Audi is stepping into the world of autonomous driving.
Ever since the technology of self-driving cars came into existence, so many companies have rushed to begin tinkering with it however possible. Some companies are only rumored to be working on a self-driving car of sorts (i.e. Apple), but there are others who have been very clear that they're all in on this new technology. Now, there's one more car company getting behind the self-driving car craze.
As revealed by The Verge, luxury car brand Audi has finally shown off snippets of their self-driving car program. Specifically, they showed off their efforts in building completely driverless cars. Even more exciting was when one partner revealed that Audi would like to put their self-driving cars on the road for consumers by 2021. Audi's plans include using software and learning-based approaches to process sensing data picked up by a series of sensors — camera pixels, LIDAR point clouds, and radar echoes. The data found will be similar to a vehicle's environment due to the ability to detect pedestrians, objects, vehicles, and more.
The recent news of Audi's self-driving program is exciting, but it's not unusual for the company. Audi—who is owned by the Volkswagen Group—had previously vowed to spend 14 billion euros (or almost $16 million USD) on both electric mobility and self-driving technology. This spending would occur from now until 2023. In addition, the work would occur at Autonomous Intelligent Driving (AID), a subsidiary of Audi. Headquartered in Munich, Germany, the 150 employee-led organization is home to a dozen more autonomous test vehicles for public roads. Such test vehicles include Audis, Porsches, and Volkswagens — all owned by the same group.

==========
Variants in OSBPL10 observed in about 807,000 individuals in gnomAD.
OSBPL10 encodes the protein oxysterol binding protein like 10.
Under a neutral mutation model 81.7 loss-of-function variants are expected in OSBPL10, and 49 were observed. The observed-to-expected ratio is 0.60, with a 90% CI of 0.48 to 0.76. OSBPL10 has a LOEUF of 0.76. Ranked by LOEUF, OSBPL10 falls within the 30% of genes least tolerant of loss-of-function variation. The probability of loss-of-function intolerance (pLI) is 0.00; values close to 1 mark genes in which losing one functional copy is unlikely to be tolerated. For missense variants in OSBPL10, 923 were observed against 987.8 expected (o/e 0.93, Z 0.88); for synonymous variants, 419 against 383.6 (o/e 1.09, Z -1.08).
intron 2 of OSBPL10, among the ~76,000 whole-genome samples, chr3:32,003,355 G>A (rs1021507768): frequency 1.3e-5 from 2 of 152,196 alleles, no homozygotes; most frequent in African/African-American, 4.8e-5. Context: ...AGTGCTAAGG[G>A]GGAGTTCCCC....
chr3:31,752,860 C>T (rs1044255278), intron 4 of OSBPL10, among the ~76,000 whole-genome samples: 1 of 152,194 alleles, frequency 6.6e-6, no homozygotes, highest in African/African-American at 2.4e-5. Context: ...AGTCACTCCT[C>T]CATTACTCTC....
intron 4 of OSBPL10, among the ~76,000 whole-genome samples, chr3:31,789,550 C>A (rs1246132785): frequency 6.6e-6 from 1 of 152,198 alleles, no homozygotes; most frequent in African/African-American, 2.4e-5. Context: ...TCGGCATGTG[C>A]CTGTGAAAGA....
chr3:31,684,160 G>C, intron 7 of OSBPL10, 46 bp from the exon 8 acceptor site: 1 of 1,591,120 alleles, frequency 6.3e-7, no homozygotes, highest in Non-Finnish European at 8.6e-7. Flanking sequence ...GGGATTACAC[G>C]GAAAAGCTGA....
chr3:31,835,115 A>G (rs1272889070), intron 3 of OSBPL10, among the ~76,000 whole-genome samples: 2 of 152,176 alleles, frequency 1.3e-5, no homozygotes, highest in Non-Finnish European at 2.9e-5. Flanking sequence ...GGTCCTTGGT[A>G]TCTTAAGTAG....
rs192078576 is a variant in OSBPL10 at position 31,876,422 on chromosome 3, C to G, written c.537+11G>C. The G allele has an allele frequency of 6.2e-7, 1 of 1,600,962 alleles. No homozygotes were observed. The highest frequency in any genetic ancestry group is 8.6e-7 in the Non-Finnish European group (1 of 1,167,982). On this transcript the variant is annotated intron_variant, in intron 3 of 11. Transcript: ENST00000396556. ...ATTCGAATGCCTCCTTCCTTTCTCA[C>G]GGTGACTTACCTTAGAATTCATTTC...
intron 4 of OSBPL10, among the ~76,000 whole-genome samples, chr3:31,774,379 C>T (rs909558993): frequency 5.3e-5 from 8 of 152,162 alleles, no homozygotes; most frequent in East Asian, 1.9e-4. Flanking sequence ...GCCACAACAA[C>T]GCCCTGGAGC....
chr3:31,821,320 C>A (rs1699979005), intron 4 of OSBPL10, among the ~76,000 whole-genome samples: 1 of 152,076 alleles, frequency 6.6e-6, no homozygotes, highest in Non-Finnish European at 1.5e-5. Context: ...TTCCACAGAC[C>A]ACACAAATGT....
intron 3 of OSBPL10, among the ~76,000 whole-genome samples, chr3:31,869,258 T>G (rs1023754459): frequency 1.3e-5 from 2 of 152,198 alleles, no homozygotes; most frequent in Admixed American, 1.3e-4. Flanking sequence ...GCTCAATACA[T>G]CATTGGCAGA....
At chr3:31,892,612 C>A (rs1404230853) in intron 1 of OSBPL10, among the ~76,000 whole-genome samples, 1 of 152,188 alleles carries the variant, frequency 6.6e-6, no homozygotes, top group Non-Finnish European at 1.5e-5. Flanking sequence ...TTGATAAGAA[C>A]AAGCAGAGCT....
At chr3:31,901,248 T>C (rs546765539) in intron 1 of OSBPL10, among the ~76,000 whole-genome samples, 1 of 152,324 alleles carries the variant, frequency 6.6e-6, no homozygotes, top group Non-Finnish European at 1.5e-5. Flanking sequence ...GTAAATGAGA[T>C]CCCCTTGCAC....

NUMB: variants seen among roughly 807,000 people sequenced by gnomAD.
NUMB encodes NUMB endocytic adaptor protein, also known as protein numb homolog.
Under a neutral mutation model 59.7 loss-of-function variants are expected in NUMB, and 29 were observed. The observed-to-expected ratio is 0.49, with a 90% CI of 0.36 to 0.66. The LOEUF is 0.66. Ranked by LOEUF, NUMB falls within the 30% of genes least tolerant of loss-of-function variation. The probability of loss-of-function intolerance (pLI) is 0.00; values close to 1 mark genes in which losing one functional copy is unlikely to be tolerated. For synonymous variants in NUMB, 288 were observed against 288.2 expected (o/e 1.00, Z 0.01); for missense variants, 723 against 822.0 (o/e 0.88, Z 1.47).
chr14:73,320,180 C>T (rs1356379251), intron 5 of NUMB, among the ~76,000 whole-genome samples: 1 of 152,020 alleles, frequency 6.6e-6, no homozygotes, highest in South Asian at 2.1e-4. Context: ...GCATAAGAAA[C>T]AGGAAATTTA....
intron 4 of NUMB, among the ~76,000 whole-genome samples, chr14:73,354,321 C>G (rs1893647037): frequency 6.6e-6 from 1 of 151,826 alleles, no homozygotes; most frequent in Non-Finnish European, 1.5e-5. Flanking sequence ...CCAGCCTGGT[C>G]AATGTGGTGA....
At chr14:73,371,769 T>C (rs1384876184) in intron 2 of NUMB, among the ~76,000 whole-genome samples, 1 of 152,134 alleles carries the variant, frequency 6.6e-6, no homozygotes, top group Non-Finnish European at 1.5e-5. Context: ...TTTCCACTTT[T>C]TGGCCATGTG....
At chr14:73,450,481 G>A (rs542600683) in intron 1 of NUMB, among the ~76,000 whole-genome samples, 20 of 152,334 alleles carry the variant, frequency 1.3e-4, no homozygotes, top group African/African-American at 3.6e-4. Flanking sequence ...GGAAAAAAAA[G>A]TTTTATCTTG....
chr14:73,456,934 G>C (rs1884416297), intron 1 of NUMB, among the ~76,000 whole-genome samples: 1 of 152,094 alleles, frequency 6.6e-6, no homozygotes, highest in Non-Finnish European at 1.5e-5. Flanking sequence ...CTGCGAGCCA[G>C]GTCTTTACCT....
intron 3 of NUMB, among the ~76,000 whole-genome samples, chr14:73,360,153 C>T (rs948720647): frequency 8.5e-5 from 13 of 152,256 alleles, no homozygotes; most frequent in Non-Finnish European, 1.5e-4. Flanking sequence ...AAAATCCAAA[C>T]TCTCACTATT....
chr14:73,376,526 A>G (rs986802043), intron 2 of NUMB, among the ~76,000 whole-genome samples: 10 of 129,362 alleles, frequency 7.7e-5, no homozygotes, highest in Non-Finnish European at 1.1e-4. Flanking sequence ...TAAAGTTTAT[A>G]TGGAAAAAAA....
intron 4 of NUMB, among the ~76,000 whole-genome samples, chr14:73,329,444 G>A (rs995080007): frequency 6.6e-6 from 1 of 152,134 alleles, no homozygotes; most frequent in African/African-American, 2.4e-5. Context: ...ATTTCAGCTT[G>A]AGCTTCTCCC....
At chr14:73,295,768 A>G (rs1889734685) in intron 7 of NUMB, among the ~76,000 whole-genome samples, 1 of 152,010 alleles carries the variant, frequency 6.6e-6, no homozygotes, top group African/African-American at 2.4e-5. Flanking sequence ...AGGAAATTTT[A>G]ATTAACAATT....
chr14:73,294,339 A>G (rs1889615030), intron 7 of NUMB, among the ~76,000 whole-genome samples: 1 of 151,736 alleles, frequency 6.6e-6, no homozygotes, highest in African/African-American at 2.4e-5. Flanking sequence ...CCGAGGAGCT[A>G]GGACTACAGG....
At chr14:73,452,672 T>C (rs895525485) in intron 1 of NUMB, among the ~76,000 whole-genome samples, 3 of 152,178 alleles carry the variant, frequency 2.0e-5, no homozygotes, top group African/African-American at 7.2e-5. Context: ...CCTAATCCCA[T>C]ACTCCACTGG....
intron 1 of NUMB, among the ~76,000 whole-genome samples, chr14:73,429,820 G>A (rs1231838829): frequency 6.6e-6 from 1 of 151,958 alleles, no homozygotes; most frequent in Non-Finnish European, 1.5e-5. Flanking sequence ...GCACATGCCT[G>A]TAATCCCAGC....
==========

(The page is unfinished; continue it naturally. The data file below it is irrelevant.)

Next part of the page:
According to those close to Audi and AID, the idea is to apply to have so-called "robo-taxis." The next step after that would be to provide the AID with a self-driving stack of ownership known in the company as the Level 4 stack. It would include buses, food deliveries, and trucks. This would be the ultimate goal for Audi's self-driving program.
Despite all the excitement, Audi has admitted that they're not too far ahead in the development of self-driving cars- that is, if you compare them to other car brands. There are also a host of challenges that come with diving into this newer technology. So if Audi is serious about getting into self-driving cars, they will need to put in a lot of hard work in order to get it right for consumers.